“The most common diversion in the world today smart

“The most common division in the world today is not between communists and non communists, between blacks and whites, between rich and poor, or even between young and old. It is between those who see only the interests of a limited group and those who are capable of seeing the interests of the broader community of mankind as a whole.”

Economist and author John T. Flynn

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Fascist Architecture

Fascist architecture is an style developed by architects in the early 20th century. The style gained popularity in the late 1920s with the rise of modernism along with the ultranationalism. Although it may resembles styles of ancient Rome. It mostly can be associated with fascist governments in western Europe. The historic 1920’s-40’s design, lacked ostentatiousness, and was constructed with more symmetry, and simplicity. The buildings were also very plain, with little or no decoration, and lacked complexity in design. Made of limestone and other durable stones in order to last, was more symmetric. Using sharp non-rounded edges, and size, they purposefully conveyed a sense of awe and intimidation. Lasting generations, the entirety of the fascist era designs were made to create impressive ruins.
Building upon modernism and ultranationalism, Benito Mussolini and Adolf Hitler utilized fascist architecture to unify the citizens of their states. The variations of Rationalism, and Stripped Classicism, Fascism and Fascist Architecture marked a new era of nationalist culture, and exhibit the absolute rule of the state.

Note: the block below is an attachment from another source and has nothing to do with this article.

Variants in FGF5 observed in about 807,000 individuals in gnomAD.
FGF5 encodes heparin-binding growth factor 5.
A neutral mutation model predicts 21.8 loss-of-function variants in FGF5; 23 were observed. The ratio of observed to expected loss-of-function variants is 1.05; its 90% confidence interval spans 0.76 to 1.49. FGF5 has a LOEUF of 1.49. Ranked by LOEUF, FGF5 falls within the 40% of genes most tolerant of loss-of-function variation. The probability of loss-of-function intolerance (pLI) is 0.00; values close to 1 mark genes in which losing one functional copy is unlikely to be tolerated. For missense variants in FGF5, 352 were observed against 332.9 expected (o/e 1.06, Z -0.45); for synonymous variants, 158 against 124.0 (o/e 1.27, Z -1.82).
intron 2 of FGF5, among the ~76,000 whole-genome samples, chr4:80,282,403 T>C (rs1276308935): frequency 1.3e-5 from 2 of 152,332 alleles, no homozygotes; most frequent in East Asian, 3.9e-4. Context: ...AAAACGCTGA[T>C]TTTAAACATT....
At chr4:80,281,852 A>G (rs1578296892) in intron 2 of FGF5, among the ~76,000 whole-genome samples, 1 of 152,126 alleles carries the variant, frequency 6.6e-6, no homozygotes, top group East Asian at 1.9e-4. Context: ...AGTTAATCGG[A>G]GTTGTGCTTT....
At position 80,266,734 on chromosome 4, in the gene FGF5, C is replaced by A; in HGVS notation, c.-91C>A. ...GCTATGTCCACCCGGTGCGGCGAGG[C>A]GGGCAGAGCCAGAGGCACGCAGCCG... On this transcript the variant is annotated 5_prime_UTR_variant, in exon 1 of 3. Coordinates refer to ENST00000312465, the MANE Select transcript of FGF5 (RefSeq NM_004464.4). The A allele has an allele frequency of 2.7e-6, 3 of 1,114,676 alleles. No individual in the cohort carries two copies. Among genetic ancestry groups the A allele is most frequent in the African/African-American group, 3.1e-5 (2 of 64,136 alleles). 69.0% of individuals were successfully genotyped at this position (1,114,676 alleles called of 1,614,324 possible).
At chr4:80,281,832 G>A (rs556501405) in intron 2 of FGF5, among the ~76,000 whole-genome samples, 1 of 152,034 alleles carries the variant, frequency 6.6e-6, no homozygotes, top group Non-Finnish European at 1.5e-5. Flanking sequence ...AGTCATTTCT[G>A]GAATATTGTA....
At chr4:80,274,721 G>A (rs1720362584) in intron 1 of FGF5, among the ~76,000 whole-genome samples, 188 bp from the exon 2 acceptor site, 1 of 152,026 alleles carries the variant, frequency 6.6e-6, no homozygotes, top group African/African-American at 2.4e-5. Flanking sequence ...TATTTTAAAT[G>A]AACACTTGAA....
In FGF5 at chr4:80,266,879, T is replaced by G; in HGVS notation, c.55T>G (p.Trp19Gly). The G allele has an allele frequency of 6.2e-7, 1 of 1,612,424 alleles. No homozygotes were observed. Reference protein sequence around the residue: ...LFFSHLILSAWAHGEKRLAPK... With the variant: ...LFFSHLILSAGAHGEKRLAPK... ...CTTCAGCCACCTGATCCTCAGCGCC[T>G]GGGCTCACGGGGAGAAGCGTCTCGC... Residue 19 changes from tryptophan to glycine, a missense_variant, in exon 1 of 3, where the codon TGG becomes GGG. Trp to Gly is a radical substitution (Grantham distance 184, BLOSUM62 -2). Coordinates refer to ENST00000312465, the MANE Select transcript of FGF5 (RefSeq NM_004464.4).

Palazzzo Della Posste Palermo

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Neolithic architecture is your source for: pest control;
Chimney Cleaning;
Log Cabin Building; and,
Neolithic intelligence.

Where did the Narrative originate from? Joan Didion, Political Fictions: “Decaying group think in political organizations.”, 1988

Narrative is: “Elite management of public life.”

In 1988, Joan Didion began looking at the American political process for “The New York Review of Books.” What she found was not a mechanism that offered the nation’s citizens a voice in its affairs but one designed by–and for–“that handful of insiders who invent, year in and year out, the narrative of public life.” The eight pieces collected here from “The New York Review” build, one on the other, to a stunning whole, a portrait of the American political landscape that tells us, devastatingly, how we got where we are today.
In “Political Fictions,” tracing the dreamwork that was already clear at the time of the first Bush ascendance in 1988, Didion covers the ways in which the continuing and polarizing nostalgia for an imagined America led to the entrenchment of a small percentage of the electorate as the nation’s deciding political force, the ways in which the two major political parties have worked to narrow the electorate to this manageable element, the readiness with which the media collaborated in this process, and, finally and at length, how this mindset led inexorably over the past dozen years to the crisis that was the 2000 election. In this book Didion cuts to the core of the deceptions and deflections to explain and illuminate what came to be called “the disconnect”–and to reveal a political class increasingly intolerant of the nation that sustains it.

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